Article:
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Neuroimage. 2016 Feb 1;126:164-72. doi: 10.1016/j.neuroimage.2015.11.050. Epub 2015 Nov 26.

Neural dynamics of change detection in crowded acoustic scenes.

Author information

1
UCL Ear Institute, 332 Gray's Inn Road, London WC1X 8EE, UK. Electronic address: e.sohoglu@gmail.com.
2
UCL Ear Institute, 332 Gray's Inn Road, London WC1X 8EE, UK. Electronic address: m.chait@ucl.ac.uk.

Abstract

Two key questions concerning change detection in crowded acoustic environments are the extent to which cortical processing is specialized for different forms of acoustic change and when in the time-course of cortical processing neural activity becomes predictive of behavioral outcomes. Here, we address these issues by using magnetoencephalography (MEG) to probe the cortical dynamics of change detection in ongoing acoustic scenes containing as many as ten concurrent sources. Each source was formed of a sequence of tone pips with a unique carrier frequency and temporal modulation pattern, designed to mimic the spectrotemporal structure of natural sounds. Our results show that listeners are more accurate and quicker to detect the appearance (than disappearance) of an auditory source in the ongoing scene. Underpinning this behavioral asymmetry are change-evoked responses differing not only in magnitude and latency, but also in their spatial patterns. We find that even the earliest (~50 ms) cortical response to change is predictive of behavioral outcomes (detection times), consistent with the hypothesized role of local neural transients in supporting change detection.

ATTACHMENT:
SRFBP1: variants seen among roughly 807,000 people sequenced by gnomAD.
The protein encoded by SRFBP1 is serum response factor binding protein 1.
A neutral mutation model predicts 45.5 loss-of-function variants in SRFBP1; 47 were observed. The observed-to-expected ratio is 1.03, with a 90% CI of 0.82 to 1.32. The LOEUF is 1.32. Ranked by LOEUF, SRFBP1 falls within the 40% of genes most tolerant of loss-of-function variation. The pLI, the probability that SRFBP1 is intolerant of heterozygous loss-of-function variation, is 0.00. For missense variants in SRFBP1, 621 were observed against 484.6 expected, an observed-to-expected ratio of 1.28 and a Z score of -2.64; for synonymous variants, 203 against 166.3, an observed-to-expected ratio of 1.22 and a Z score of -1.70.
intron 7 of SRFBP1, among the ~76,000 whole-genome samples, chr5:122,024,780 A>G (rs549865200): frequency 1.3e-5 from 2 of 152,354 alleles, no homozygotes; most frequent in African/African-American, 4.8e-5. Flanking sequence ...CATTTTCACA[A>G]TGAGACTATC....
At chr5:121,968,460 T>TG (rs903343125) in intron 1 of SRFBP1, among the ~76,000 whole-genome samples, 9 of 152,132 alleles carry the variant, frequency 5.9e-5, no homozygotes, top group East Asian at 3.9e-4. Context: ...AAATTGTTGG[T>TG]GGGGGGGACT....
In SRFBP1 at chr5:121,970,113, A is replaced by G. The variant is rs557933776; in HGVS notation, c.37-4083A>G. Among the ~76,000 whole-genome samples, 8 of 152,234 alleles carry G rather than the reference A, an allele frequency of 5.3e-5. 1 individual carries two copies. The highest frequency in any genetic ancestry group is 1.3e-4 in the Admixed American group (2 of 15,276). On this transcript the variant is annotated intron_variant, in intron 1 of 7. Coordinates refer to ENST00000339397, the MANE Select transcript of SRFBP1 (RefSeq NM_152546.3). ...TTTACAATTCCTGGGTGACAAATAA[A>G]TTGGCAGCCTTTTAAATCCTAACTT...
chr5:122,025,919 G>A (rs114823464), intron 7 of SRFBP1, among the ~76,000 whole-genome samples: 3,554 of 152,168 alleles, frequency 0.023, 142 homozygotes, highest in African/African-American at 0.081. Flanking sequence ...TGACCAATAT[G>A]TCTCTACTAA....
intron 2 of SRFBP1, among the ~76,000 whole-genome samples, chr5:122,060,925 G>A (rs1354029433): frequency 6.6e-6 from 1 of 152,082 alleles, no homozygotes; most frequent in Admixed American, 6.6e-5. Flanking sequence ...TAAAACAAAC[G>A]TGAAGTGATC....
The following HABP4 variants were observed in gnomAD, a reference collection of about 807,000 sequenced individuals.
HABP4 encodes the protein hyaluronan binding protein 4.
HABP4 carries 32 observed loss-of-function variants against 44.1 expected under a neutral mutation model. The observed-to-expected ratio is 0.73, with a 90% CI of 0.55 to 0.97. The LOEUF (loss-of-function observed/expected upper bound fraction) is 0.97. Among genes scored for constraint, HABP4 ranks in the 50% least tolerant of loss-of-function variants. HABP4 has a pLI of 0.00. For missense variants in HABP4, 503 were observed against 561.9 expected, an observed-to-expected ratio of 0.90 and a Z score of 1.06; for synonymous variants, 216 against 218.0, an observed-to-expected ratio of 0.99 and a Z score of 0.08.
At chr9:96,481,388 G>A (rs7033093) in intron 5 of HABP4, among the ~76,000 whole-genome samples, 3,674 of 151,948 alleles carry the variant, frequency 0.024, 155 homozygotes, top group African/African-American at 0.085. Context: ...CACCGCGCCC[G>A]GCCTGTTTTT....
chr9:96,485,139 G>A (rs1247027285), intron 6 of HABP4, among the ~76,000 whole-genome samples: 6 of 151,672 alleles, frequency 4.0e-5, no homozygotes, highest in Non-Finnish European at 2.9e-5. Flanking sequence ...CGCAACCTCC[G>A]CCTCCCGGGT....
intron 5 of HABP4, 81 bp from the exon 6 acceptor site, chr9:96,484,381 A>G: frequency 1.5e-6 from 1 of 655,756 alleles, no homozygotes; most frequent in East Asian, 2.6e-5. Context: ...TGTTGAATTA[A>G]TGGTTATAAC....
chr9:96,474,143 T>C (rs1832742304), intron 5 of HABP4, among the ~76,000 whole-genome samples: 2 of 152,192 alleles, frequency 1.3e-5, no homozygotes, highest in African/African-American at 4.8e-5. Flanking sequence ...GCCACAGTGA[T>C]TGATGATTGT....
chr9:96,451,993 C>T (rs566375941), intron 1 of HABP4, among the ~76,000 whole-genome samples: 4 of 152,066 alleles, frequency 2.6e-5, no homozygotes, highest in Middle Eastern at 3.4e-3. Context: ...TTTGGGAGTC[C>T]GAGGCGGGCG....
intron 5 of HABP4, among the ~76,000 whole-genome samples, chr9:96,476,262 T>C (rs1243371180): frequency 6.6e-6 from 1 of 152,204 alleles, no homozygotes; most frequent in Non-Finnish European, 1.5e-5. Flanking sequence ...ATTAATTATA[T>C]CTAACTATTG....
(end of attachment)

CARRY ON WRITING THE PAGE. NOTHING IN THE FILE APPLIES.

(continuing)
KEYWORDS:

Auditory scene analysis; Change deafness; MEG

PMID:
26631816
PMCID:
PMC4739509
DOI:
10.1016/j.neuroimage.2015.11.050
[Indexed for MEDLINE]
Free PMC Article

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